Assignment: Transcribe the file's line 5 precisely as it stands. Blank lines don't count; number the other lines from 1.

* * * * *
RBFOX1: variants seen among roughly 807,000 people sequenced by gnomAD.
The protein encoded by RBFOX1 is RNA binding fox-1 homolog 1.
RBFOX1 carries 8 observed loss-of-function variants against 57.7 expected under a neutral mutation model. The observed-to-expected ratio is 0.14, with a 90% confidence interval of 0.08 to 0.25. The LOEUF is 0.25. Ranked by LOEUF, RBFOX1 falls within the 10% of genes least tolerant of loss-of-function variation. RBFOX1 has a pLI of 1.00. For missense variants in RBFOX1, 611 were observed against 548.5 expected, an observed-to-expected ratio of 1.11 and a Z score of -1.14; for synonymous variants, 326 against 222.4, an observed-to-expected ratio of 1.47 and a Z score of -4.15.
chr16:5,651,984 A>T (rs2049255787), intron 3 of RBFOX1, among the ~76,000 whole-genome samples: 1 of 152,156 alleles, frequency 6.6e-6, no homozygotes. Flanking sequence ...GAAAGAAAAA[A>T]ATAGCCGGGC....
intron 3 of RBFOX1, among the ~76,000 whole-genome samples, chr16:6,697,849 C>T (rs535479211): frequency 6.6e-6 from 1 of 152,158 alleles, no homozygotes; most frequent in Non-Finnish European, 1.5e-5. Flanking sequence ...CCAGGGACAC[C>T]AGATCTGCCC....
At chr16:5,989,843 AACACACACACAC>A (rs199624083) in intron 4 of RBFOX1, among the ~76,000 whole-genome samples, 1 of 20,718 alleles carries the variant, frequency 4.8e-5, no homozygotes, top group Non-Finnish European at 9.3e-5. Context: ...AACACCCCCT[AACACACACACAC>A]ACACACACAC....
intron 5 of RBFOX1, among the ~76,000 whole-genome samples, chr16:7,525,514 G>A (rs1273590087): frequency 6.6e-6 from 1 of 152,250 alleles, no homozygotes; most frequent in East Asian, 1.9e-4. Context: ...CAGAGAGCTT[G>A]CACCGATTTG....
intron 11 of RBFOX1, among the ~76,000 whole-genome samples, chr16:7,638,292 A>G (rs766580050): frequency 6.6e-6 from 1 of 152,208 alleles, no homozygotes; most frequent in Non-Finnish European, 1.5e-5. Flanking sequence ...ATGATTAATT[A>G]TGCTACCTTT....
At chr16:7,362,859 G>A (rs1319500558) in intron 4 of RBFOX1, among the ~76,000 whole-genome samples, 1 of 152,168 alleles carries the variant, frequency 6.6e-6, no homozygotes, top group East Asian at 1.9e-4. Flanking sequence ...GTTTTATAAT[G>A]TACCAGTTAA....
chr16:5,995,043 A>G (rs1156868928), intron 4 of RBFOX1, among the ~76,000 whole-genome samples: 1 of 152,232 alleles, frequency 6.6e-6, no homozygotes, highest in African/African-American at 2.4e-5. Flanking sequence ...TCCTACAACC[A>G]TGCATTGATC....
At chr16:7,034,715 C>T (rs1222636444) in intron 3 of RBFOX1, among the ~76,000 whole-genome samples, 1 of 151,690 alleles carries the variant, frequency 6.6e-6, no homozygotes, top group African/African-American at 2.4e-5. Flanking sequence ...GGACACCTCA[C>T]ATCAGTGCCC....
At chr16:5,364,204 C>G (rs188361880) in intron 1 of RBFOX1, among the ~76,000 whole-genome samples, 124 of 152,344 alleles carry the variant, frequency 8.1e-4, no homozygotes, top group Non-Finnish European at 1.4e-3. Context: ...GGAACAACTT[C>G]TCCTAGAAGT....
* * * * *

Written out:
intron 3 of RBFOX1, among the ~76,000 whole-genome samples, chr16:6,697,849 C>T (rs535479211): frequency 6.6e-6 from 1 of 152,158 alleles, no homozygotes; most frequent in Non-Finnish European, 1.5e-5. Flanking sequence ...CCAGGGACAC[C>T]AGATCTGCCC....